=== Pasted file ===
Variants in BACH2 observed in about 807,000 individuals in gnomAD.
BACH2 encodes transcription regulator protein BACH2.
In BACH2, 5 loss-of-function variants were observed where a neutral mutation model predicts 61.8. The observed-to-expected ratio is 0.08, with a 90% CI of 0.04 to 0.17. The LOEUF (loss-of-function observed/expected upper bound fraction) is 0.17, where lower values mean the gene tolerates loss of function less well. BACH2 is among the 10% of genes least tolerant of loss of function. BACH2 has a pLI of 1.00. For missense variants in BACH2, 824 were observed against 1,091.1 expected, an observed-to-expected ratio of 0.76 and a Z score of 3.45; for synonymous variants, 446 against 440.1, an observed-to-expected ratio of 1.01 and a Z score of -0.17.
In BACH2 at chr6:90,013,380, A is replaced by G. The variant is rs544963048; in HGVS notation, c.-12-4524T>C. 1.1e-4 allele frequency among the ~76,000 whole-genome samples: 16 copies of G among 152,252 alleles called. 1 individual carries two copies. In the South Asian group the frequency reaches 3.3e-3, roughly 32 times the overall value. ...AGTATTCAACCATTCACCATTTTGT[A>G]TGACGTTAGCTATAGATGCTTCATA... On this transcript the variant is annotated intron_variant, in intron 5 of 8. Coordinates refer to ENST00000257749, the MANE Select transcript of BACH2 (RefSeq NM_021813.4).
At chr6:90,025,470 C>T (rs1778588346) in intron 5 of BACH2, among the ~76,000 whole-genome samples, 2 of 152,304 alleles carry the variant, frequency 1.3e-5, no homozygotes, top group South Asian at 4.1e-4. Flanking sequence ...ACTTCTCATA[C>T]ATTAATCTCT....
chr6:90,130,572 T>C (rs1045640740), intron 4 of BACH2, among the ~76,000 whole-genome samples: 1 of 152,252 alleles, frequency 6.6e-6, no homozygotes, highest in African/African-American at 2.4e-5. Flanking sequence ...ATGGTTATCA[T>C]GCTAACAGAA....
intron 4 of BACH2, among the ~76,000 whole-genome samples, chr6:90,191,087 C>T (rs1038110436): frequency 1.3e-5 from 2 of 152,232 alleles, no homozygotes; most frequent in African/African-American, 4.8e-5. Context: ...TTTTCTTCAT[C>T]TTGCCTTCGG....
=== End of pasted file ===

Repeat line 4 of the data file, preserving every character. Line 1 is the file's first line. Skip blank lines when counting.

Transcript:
In BACH2 at chr6:90,013,380, A is replaced by G. The variant is rs544963048; in HGVS notation, c.-12-4524T>C. 1.1e-4 allele frequency among the ~76,000 whole-genome samples: 16 copies of G among 152,252 alleles called. 1 individual carries two copies. In the South Asian group the frequency reaches 3.3e-3, roughly 32 times the overall value. ...AGTATTCAACCATTCACCATTTTGT[A>G]TGACGTTAGCTATAGATGCTTCATA... On this transcript the variant is annotated intron_variant, in intron 5 of 8. Coordinates refer to ENST00000257749, the MANE Select transcript of BACH2 (RefSeq NM_021813.4).